The Fruit of the Spirit
When I was a seminarian, I met a person who had a great knowledge about Christianity in China. When we got to know each other well, I asked her a sensitive question about a very controversial Chinese Christian leader. My question was how we should look at this Chinese Christian leader since there were so many radically different views on him. She gave an answer I still remember today. Her answer was actually from the Bible: ‘By their fruit, you will recognize them'. (Matt. 7:20)
I have been ministering many people who do not know much about Christianity. One of the most common questions I often have to answer is how we can know the Spirit is working in a person or a group of people. My answer has always been this: By their fruit. If we can see the fruit of the Spirit in their life, then we know the Spirit is working in them.
The Epistle of St. Paul to the Galatians tells that the fruit of the Spirit includes love, joy, peace, patience, kindness, generosity, faithfulness, gentleness and self-control. This isn't simply a message intended only for the Galatian believers about 2000 years ago. It's a message intended for us as well. It is a message of great encouragement for us to live out a Christian life.
The fruit of the Spirit sometimes can possibly be taken in three triads. The first three express our possible relationship to God—“love, joy, peace.” The next three express our possible relationship to our fellows—“patience, kindness, generosity.” The last three express our possible relationship to ourselves—“faithfulness, gentleness, self-control.” This categorization reflects the whole range of the relationships we as Christians need to put right.
Noticeably, St. Paul uses the word “fruit” in its singular form. It tells us that the fruit of the Spirit that is produced in us is not "nine different fruits", but one singular "fruit" manifested in nine distinct qualities. This reminds us that the Holy Spirit produces his fruit in us as a whole - not "love" this fruit season, then "joy" the next fruit season, then "peace" the next season, and so on. If we are keeping in step with the Spirit, we need to strive for the fruit of the Spirit in all those distinct qualities.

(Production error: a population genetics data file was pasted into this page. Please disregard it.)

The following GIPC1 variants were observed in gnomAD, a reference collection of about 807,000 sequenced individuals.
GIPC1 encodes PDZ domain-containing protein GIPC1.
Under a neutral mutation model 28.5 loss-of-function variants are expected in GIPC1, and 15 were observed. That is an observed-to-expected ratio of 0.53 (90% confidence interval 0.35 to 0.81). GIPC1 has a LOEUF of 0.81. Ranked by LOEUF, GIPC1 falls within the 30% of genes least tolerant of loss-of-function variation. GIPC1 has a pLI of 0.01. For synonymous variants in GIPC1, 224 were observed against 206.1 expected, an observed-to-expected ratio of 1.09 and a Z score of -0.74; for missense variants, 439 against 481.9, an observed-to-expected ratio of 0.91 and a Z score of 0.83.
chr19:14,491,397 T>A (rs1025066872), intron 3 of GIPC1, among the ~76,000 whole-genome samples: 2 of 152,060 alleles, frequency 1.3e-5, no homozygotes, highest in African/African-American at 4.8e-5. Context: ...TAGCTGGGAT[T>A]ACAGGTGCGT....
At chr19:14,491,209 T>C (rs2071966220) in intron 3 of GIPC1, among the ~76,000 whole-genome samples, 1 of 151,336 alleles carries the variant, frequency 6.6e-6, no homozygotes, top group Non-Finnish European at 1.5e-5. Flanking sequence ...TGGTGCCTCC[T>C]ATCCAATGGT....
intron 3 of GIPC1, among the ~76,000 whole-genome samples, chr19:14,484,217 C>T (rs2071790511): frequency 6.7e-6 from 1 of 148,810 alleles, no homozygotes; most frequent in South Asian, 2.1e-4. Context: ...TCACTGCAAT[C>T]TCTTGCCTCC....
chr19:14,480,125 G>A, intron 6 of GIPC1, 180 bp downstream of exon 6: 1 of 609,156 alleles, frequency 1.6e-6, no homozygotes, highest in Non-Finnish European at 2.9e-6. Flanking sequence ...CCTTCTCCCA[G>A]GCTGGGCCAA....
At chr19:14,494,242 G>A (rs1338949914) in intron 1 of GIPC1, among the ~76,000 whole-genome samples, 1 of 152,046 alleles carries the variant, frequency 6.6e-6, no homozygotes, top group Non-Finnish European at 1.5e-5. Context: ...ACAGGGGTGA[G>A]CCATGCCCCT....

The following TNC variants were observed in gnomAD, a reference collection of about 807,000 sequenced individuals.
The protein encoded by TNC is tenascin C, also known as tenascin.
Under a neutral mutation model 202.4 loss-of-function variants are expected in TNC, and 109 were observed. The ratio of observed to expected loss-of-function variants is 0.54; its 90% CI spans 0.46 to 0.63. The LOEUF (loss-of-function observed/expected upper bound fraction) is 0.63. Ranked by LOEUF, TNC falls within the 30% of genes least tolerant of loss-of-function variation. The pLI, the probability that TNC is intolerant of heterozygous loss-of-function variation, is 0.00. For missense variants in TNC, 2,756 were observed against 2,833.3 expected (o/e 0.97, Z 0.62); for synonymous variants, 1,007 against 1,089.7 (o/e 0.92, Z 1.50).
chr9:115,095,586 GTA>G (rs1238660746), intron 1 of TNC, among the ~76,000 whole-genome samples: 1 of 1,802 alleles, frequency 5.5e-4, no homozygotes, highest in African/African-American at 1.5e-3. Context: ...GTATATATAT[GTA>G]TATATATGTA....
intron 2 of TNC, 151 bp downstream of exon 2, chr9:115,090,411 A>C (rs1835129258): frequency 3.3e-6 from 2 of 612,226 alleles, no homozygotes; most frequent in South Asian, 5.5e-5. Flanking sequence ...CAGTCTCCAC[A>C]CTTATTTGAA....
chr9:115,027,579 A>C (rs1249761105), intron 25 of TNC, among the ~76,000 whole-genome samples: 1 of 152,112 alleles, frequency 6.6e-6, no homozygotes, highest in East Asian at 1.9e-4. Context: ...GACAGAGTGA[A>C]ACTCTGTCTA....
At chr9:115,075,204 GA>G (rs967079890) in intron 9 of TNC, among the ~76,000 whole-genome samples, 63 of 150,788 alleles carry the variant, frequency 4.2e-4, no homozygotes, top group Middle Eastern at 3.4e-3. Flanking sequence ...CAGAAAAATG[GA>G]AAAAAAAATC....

These distinctive qualities are not specific things we do. These are specific descriptions of how and why we do things. And these descriptions of “how” and “why” go far behind and beneath such surface issues as which action we should take. It touches the deepest, truest parts of our character – why we act and how we act as Christians.
Fruit doesn't grow overnight, but grows over time though a process that is under the sovereign control of God. The fruit of the Spirit produced in us also takes time. We must allow the Spirit all the time he wishes in directing the timing and the process of the production of his own fruit in us. And we must accept that he brings us into the various trials and tests that develop and perfect that fruit in us; and not try to short-change the process. After all, we are Christians and we should let people see that our life bears the fruit of the Spirit.